HOW TO DEPLOY A MARK 3
THE DESIGN FOR THE FAT MAN nuclear bomb dropped on Nagasaki, Japan, was the basis for the Mark 3, which weighed more than five tons and was a bit over 10 feet long and five feet in diameter. Like the Nagasaki bomb, it was less a munition than an elaborate science project. “‘Bomb’ is a misnomer for this complex and delicate mechanism,” wrote Frederick Alling of the Air Materiel Command.
According to an Army War College paper written by then-lieutenant Colonel Trent Pickering, the Mark 3 was a “laboratory weapon” that took 39 men two days to prepare for combat. Then three assembly teams needed seven to nine days to load 12 bombs into 12 aircraft. The bomb’s batteries had to be charged 48 hours prior to a drop, and its polonium initiator, down in the fissile plutonium core, had a half-life of 138 days, so a crucial component was always in a state of rapid radioactive decay. Several days were also required to unite the assembled bombs with their fissile cores, which were often stored an ocean apart.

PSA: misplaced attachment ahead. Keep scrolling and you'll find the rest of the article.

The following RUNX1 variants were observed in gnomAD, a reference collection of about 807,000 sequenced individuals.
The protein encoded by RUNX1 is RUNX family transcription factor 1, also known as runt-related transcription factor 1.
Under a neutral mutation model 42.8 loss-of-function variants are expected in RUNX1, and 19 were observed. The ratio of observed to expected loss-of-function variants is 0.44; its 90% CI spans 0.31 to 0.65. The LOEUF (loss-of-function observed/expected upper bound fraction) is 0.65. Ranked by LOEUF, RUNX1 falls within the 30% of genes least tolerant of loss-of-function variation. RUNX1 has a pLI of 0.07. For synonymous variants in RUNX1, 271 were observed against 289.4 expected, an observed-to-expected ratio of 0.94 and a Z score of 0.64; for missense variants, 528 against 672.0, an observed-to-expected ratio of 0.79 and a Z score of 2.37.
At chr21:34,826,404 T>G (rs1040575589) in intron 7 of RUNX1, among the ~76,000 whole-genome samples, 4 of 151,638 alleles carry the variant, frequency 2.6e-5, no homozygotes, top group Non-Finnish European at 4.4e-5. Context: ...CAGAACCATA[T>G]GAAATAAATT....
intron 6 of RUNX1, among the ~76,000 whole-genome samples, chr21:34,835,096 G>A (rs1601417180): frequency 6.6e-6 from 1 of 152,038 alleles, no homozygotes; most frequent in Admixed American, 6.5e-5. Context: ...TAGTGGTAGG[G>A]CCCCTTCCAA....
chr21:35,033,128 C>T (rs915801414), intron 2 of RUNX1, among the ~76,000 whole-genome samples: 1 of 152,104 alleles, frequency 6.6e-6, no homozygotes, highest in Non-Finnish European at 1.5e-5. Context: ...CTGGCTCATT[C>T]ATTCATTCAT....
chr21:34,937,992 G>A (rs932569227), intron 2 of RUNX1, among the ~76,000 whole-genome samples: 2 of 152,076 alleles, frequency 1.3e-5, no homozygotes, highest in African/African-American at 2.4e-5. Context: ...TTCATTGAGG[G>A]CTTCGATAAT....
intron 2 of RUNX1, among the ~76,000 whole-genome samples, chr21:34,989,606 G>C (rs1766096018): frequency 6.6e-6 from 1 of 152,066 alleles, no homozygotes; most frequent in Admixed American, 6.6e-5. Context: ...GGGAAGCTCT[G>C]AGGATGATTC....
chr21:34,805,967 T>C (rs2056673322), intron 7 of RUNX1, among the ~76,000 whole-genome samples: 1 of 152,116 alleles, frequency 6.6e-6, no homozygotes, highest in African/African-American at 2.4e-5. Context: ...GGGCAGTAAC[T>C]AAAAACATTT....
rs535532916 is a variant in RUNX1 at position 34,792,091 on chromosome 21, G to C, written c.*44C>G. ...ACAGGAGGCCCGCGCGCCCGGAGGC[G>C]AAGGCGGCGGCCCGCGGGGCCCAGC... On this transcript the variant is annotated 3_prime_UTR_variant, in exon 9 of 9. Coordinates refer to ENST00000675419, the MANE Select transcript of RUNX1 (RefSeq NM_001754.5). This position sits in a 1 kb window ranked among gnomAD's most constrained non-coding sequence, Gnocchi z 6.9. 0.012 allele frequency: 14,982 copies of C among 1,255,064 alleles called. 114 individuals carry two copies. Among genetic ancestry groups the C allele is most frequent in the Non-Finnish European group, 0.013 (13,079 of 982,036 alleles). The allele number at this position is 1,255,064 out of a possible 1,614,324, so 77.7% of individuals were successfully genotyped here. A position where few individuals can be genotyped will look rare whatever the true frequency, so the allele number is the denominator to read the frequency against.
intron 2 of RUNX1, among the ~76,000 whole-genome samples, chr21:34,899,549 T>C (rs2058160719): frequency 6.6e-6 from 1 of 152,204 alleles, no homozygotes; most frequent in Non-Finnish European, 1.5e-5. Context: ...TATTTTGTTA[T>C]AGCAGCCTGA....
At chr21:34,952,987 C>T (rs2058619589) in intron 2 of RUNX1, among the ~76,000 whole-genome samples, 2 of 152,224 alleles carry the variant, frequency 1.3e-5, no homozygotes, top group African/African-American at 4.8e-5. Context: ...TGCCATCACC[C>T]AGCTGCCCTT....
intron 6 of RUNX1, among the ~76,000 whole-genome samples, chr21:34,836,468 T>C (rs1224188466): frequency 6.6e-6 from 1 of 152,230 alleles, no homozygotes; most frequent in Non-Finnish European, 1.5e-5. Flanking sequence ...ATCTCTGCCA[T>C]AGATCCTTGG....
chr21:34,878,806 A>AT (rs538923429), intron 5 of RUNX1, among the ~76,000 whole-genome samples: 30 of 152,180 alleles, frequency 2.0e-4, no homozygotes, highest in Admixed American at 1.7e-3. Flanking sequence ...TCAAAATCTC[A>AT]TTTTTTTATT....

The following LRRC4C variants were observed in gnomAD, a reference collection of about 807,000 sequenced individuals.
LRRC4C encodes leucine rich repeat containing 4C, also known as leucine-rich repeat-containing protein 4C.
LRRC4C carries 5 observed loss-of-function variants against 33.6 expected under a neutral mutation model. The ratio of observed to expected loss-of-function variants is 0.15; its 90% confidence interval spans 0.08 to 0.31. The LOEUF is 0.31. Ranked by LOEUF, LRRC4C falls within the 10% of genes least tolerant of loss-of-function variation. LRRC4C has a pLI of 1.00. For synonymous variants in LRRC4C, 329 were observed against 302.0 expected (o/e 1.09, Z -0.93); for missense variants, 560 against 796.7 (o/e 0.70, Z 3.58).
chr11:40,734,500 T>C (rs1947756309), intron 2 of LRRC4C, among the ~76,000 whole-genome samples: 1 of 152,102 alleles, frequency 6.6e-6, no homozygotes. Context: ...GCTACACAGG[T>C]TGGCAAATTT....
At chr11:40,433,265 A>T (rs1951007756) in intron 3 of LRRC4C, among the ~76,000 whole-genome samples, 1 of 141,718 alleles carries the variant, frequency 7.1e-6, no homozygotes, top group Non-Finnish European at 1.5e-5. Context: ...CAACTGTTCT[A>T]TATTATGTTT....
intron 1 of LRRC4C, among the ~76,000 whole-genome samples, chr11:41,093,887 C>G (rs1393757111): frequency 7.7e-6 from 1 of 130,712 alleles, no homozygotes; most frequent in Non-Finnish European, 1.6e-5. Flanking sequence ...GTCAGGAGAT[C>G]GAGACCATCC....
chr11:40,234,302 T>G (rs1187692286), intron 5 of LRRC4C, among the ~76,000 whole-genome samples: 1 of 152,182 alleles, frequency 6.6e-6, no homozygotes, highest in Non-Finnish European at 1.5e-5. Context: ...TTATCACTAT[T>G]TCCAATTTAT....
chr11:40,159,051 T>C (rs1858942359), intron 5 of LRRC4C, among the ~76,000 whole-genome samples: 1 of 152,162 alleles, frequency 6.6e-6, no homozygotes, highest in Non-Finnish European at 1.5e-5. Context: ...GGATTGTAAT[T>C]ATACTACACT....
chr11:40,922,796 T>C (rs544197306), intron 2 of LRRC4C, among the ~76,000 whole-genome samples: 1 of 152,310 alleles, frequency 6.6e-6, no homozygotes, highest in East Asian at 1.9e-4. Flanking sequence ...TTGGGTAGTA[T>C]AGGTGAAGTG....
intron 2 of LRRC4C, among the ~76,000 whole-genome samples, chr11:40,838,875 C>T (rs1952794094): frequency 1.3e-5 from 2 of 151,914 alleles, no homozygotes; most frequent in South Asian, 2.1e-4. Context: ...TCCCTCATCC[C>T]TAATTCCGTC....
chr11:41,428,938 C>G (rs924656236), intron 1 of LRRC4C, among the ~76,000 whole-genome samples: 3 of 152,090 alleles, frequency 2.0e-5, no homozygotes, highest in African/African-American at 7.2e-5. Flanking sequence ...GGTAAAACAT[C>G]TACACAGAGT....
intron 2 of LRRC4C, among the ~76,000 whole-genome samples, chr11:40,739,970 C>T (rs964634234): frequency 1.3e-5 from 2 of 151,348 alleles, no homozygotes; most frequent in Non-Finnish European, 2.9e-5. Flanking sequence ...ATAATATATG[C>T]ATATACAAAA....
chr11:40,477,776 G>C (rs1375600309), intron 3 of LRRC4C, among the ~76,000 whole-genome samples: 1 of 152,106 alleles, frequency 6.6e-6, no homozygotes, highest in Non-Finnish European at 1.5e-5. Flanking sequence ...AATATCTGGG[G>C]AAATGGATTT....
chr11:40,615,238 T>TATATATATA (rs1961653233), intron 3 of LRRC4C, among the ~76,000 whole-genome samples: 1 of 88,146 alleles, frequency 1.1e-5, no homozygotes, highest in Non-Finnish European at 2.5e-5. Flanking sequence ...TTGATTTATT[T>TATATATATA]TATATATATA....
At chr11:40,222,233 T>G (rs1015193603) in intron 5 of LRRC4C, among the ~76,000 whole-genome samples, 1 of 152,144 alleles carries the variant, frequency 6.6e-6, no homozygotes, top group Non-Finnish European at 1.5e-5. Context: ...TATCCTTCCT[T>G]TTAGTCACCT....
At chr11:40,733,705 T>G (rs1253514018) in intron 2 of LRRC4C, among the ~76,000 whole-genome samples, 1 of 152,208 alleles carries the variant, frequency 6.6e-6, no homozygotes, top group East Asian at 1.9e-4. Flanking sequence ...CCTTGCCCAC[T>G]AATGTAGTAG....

A jacked-up B-29 is ready to be armed with a nuclear bomb. Before this method, B-29s would roll over shallow bomb pits, and a hydraulic lift would push the weapon up into the bomb bay.